cans and brahms follows, and it's rick wakeman playing on four or five keyboards an excerpt from a piece by brahms. it's okay.

we have heaven is next and it's so stupid and ANDERSON-ish that it's great. he over dubs his voice like mad, creating a strange, offsetting effect.

the next real composition is next, and it's south side of the sky. it's very harsh, and DARK especially for Yes a band usually thought of as a happy faggy yay band. it's about freezing to death. the mid song keyboard solo illustrates this perfectly, and the "la la la la la la" section is chilling as well.

after a silly 35 percussion "idea" by bill bruford, another hit from the album comes. it's long distance run around, and i know people who hate it saying it's a sell out. nah. it's just a shorter, catchier song that's no less complex and weird than the longer pieces. just shorter, and catchier. this bleeds into the fish which is quite stunning. every single note is created on the bass guitar by chris squire's over dubbing, and it shows how great of a player he was/is.

mood for a day, a nice little solo accoustic piece by steve howe is next, which bleeds into the longest song on the album, heart of the sunrise. beginning with a king crimson-ish guitar keyboard duet, it bleeds into a beautifully sung piece by anderson about getting lost in the city, it goes through strange sections, the guitar keyboard duet begins again, then abrupty quits. after a few seconds of silence, we have heaven begins again and then album is over.

this album is the album to get if you're interested in Yes. it's early Yes at their catchiest, and yet still progressive and complex. they progressed a great amount in the years to come, yet they were never as catchy as this.

Reviewer Rating of CD :

Yes is the greates band in the universe and if you listen to this album you will know exactly why this is true.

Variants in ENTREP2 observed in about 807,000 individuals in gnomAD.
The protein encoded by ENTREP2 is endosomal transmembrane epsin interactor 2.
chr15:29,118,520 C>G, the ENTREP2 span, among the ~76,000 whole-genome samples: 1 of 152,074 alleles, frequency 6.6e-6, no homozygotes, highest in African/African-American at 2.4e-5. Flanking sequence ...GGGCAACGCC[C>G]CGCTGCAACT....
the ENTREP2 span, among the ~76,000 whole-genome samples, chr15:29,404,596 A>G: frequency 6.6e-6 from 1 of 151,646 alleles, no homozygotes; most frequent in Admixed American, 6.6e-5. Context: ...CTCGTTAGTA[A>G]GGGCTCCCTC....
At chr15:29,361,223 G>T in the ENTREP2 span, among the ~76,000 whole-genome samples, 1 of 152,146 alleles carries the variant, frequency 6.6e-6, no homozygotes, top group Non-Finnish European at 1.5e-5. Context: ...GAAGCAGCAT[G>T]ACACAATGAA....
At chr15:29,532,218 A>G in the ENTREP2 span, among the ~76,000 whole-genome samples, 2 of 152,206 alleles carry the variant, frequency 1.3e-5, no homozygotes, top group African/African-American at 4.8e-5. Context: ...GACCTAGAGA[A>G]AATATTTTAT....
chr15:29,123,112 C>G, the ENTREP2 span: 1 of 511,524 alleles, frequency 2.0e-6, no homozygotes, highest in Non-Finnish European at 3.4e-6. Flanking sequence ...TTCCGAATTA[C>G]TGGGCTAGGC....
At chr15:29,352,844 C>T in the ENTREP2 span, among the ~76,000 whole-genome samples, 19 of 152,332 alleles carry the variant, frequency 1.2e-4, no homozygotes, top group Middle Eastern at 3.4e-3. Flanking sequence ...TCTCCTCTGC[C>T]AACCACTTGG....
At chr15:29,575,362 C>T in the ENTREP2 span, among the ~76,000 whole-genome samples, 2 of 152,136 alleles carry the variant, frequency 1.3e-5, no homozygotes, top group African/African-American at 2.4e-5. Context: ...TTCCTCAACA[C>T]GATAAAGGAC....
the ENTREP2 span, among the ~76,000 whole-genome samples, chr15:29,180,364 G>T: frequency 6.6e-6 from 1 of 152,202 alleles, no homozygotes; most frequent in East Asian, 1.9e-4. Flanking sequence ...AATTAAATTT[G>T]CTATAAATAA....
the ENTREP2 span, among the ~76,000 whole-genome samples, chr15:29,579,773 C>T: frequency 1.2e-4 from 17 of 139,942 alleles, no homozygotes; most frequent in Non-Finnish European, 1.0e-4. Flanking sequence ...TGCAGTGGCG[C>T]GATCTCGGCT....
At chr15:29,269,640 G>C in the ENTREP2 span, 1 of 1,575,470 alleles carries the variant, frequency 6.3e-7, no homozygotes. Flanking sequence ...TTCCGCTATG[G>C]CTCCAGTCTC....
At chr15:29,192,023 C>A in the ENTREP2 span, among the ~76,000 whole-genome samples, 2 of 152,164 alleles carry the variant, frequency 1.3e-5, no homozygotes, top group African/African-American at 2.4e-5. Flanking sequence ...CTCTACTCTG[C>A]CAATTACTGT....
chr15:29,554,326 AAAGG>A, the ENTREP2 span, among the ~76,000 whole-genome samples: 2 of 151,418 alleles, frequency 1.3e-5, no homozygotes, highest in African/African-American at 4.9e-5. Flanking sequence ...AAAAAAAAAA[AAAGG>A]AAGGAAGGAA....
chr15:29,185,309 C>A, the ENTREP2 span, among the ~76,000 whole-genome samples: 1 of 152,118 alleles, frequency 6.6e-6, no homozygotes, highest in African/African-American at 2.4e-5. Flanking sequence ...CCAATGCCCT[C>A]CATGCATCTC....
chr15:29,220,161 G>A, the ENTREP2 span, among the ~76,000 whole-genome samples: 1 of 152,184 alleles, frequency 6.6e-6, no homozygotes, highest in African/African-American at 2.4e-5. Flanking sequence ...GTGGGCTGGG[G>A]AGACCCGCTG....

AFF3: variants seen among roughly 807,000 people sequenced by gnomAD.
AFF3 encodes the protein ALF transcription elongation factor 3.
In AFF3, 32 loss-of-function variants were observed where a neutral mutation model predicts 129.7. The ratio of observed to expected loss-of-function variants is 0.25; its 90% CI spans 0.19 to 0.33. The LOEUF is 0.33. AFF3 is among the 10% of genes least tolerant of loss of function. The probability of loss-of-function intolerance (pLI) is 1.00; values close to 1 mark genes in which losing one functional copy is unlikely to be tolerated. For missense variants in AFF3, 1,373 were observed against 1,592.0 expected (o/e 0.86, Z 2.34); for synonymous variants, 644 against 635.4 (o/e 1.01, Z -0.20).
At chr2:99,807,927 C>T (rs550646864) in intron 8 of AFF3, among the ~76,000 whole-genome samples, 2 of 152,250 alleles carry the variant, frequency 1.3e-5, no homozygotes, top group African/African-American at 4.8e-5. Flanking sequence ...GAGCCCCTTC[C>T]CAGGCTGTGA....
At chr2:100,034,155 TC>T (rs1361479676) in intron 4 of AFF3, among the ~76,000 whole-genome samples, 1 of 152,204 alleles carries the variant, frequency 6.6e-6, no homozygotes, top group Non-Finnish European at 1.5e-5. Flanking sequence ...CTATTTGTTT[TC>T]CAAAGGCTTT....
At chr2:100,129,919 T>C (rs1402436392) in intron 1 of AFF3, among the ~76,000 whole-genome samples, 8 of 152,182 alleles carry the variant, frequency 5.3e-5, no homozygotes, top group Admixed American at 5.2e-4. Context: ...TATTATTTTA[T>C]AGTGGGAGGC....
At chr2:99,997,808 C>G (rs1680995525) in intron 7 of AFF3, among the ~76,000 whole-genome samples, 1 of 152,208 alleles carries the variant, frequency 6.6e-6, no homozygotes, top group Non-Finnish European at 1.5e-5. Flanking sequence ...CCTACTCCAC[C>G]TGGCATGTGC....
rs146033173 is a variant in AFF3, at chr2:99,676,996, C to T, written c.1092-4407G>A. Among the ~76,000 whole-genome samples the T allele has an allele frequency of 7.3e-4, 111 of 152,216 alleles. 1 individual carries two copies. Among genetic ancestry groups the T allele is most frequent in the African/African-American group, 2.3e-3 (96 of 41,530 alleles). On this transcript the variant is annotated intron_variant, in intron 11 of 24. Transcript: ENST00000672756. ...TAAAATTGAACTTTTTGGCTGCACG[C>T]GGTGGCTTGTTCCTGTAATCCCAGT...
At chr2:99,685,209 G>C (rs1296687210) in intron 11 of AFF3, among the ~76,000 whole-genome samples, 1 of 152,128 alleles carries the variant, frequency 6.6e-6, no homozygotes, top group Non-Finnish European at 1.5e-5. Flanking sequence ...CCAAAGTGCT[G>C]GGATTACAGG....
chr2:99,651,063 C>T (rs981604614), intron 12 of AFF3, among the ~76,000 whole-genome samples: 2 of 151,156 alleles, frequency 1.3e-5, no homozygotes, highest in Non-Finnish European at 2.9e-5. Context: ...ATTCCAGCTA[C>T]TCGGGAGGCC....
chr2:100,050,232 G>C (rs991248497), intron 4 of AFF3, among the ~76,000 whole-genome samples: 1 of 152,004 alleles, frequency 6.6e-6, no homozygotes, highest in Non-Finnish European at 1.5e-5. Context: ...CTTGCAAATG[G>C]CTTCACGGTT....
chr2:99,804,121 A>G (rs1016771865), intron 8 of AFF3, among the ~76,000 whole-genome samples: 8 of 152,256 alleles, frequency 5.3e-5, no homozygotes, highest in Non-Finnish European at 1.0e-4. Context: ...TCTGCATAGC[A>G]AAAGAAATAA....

All the band members get to do a solo on this record to show how as a group they all incorporate their strengths.

We have heaven is great idea for a singers solo. It sounds like a hundred Jon Andersons singining in a choir together.

The Fish could also be the only solo from a bassplayer i evr hear on the radio, they still play it to this day every time i hear Long distance Runaround on the Radio.

South Side of the Sky is a great Rocker as well as Heart of the Sunrise which i must say is one of the greatest songs ever and is worth the price of this album alone.The lyrics are classic Jon Anderson.

I will not say anything about Roundabout good or Bad. It is what it is.Always fun to see at a show anyways.

Yes is a very underatted band these days. I think they hold the key to the future of making music great again.

They are getting old though so if you have a chance go see them on tour before they retire or die.
They are still fantasic players and i would actually say they are playing better now than they were 10 years ago. And Jon Anderson really sings his ass of. it must be such a strain for him to do this at his age of 60 but damn he still hits those high notes.

Reviewer Rating of CD :